Applied Behavior Analysis (ABA) is the process of systematically applying interventions based upon the principles of learning theory to improve socially significant behaviors to a meaningful degree, and to demonstrate that the interventions employed are responsible for the improvement in behavior. (Baer, Wolf & Risley, 1968; Sulzer-Azaroff & Mayer, 1991)
During an ABA session, a licensed and masters level Board Certified Behavior Analyst (BCBA) designs and directly oversees each person's individualized treatment program. Each treatment program is customized to each learner's skills, needs, interests, preferences and family situation.
The BCBA conducts a detailed assessment known as a Functional Behavior Assessment (FBA) to assess each person’s background history, current skill set, communication level, behavior history, strengths and weaknesses, as well as likes and dislikes. This information is gained via indirect assessments (parent/caregiver interviews), previous records such as psychological reports and IEPs, and a therapist directly observing your loved one to collect data on any behavioral episodes they may exhibit. All information is then consolidated into a detailed report to help others that encounter your loved one understand their needs to better support them in all environments to enhance growth.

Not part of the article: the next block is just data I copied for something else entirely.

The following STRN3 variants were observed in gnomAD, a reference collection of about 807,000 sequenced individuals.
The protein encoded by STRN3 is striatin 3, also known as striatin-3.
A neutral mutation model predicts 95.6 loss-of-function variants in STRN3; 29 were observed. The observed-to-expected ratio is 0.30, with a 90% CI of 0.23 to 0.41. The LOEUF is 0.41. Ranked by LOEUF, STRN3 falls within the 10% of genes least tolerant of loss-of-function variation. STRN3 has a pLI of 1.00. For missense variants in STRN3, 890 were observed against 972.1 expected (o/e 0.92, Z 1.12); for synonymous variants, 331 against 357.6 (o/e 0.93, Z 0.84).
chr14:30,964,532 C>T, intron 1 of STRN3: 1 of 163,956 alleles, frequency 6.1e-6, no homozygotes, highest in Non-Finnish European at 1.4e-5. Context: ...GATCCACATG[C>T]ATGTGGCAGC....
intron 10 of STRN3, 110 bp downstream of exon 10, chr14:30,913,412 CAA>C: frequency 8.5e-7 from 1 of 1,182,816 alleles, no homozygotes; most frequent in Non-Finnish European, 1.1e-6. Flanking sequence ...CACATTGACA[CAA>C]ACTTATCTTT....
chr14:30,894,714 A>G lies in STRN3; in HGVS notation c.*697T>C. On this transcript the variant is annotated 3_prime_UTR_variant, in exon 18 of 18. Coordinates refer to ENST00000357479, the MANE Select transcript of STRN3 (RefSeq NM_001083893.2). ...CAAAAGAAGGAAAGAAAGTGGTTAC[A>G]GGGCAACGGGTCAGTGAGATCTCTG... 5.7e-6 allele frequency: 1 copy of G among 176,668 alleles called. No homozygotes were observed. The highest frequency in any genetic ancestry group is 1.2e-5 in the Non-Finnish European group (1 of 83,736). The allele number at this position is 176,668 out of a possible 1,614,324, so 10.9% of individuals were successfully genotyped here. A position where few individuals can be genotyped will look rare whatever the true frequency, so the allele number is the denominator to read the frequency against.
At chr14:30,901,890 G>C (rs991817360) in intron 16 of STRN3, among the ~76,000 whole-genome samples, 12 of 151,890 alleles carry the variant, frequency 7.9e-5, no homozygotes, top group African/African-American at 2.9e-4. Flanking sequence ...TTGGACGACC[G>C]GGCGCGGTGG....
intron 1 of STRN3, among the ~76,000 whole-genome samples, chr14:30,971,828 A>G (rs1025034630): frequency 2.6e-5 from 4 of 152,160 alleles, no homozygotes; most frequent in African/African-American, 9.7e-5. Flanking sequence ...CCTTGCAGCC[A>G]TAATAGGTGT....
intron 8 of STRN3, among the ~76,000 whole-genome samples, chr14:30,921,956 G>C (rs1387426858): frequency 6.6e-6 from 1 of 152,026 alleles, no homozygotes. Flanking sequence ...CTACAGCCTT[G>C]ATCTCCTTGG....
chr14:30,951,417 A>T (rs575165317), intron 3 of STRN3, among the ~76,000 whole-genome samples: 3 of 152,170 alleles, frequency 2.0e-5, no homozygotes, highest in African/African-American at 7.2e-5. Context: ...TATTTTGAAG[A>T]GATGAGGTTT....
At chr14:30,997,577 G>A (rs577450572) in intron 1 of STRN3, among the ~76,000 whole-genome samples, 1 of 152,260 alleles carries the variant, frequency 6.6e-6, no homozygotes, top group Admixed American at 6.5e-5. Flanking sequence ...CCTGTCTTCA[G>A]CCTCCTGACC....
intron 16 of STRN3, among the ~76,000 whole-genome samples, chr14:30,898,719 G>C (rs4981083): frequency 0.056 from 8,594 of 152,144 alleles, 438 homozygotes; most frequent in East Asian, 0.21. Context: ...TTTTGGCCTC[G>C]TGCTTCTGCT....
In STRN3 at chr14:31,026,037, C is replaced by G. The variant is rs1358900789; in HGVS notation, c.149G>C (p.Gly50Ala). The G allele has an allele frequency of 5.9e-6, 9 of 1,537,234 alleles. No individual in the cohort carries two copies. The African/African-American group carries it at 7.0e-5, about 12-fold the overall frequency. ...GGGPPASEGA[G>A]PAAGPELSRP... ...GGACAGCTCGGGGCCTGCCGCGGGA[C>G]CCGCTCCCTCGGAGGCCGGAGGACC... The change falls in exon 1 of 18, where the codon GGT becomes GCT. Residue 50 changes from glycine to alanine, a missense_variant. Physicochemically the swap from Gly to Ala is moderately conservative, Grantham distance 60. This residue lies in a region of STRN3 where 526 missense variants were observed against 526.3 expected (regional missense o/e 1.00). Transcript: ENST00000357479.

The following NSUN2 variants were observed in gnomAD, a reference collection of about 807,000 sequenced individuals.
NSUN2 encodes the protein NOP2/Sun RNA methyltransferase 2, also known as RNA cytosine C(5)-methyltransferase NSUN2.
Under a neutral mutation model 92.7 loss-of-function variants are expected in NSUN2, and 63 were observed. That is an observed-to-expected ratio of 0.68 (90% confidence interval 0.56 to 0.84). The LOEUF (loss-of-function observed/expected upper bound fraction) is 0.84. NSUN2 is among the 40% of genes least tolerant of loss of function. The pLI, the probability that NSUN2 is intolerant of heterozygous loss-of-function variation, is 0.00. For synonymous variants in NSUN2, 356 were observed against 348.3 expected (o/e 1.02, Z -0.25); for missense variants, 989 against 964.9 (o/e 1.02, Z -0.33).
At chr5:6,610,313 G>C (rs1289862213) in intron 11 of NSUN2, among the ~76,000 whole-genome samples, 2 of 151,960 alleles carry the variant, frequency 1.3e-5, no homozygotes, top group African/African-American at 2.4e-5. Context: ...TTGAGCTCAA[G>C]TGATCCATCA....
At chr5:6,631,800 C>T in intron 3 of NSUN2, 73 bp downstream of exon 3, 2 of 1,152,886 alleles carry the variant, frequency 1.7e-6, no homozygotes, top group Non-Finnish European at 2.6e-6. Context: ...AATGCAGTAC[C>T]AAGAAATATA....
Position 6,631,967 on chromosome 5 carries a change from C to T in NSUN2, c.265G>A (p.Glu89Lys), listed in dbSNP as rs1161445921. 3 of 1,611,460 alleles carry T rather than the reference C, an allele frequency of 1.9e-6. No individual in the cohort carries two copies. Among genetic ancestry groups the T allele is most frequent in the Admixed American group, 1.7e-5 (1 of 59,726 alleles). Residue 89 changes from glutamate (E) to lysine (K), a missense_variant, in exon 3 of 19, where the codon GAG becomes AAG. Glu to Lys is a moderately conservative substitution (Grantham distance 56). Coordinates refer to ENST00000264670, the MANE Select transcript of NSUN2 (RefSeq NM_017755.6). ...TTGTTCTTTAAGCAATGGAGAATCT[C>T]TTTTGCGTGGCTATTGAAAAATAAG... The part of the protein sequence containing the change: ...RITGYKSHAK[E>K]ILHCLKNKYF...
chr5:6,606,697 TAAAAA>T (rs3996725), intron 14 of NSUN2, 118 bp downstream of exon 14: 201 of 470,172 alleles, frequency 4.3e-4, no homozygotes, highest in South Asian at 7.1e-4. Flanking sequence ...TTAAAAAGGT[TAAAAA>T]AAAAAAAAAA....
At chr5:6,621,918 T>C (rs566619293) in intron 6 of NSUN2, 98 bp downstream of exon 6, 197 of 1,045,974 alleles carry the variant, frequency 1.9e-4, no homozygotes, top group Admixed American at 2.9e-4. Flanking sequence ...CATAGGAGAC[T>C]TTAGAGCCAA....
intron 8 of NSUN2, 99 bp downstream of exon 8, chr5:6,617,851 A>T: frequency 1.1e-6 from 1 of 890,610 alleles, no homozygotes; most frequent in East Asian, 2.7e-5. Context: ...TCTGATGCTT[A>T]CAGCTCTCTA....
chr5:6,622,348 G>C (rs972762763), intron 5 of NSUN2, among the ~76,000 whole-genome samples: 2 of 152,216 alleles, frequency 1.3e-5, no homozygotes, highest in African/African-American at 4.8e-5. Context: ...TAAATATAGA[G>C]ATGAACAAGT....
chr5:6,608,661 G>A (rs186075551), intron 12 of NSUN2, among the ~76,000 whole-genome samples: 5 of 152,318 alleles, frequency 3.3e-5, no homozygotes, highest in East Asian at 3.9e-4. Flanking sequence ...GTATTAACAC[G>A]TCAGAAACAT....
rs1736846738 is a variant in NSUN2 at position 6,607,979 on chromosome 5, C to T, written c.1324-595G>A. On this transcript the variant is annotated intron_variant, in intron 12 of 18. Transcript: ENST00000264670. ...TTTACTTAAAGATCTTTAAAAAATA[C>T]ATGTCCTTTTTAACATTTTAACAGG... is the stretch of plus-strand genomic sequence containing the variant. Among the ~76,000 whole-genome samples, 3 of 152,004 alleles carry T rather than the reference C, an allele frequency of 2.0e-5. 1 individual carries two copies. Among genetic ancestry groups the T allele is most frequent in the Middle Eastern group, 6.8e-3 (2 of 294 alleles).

Once the FBA is complete, the BCBA will write a Behavior Intervention Plan (BIP) which provides caregivers preventative and deescalation strategies to decrease, interrupt, and redirect challenging behaviors such as: Physical Aggression, Self-Injurious Behaviors (SIB), Property Destruction, Elopement, Non-Compliance, etc...
In conjunction with the FBA and BIP, skill acquisition programs are created with treatment goals to increase socially appropriate behaviors based on the specific needs, age, and ability level of the person receiving ABA services. Goals can include many different skill areas, such as:
Communication and language
Self-care (such as showering and toileting)
Play and leisure
Learning and academic skills
Skill acquisition programs are broken down into small, concrete steps. The therapist teaches each step one by one, from simple (e.g. imitating single sounds) to more complex (e.g. carrying on a conversation). The BCBA and therapists measure progress by collecting data in each therapy session. Data is used to monitor the person’s progress toward goals on an ongoing basis.
The BCBA regularly meets with family members and program staff to review information about progress for planning and to adjust treatment plans and goals as needed.